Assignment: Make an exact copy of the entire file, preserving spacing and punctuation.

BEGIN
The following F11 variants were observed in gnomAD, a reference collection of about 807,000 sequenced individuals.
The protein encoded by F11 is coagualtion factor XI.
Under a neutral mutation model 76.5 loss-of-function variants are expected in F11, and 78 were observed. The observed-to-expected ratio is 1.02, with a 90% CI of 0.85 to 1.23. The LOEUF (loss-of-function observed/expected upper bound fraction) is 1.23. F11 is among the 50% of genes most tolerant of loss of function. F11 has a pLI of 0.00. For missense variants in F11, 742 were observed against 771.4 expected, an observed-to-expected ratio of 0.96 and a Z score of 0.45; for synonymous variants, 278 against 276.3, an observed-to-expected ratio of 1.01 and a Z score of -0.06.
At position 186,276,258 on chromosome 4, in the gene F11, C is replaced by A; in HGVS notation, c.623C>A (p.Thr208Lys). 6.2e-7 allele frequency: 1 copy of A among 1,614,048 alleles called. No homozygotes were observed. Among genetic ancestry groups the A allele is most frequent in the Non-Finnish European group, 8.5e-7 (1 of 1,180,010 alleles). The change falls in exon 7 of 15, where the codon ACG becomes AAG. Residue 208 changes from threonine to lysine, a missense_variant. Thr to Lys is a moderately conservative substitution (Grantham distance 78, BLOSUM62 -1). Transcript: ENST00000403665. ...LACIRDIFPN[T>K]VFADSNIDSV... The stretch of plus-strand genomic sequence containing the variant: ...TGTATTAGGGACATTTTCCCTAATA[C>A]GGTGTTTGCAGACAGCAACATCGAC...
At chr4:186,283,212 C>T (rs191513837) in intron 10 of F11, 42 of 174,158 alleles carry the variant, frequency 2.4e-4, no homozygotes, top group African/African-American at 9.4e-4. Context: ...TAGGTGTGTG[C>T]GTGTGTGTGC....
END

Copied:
The following F11 variants were observed in gnomAD, a reference collection of about 807,000 sequenced individuals.
The protein encoded by F11 is coagualtion factor XI.
Under a neutral mutation model 76.5 loss-of-function variants are expected in F11, and 78 were observed. The observed-to-expected ratio is 1.02, with a 90% CI of 0.85 to 1.23. The LOEUF (loss-of-function observed/expected upper bound fraction) is 1.23. F11 is among the 50% of genes most tolerant of loss of function. F11 has a pLI of 0.00. For missense variants in F11, 742 were observed against 771.4 expected, an observed-to-expected ratio of 0.96 and a Z score of 0.45; for synonymous variants, 278 against 276.3, an observed-to-expected ratio of 1.01 and a Z score of -0.06.
At position 186,276,258 on chromosome 4, in the gene F11, C is replaced by A; in HGVS notation, c.623C>A (p.Thr208Lys). 6.2e-7 allele frequency: 1 copy of A among 1,614,048 alleles called. No homozygotes were observed. Among genetic ancestry groups the A allele is most frequent in the Non-Finnish European group, 8.5e-7 (1 of 1,180,010 alleles). The change falls in exon 7 of 15, where the codon ACG becomes AAG. Residue 208 changes from threonine to lysine, a missense_variant. Thr to Lys is a moderately conservative substitution (Grantham distance 78, BLOSUM62 -1). Transcript: ENST00000403665. ...LACIRDIFPN[T>K]VFADSNIDSV... The stretch of plus-strand genomic sequence containing the variant: ...TGTATTAGGGACATTTTCCCTAATA[C>A]GGTGTTTGCAGACAGCAACATCGAC...
At chr4:186,283,212 C>T (rs191513837) in intron 10 of F11, 42 of 174,158 alleles carry the variant, frequency 2.4e-4, no homozygotes, top group African/African-American at 9.4e-4. Context: ...TAGGTGTGTG[C>T]GTGTGTGTGC....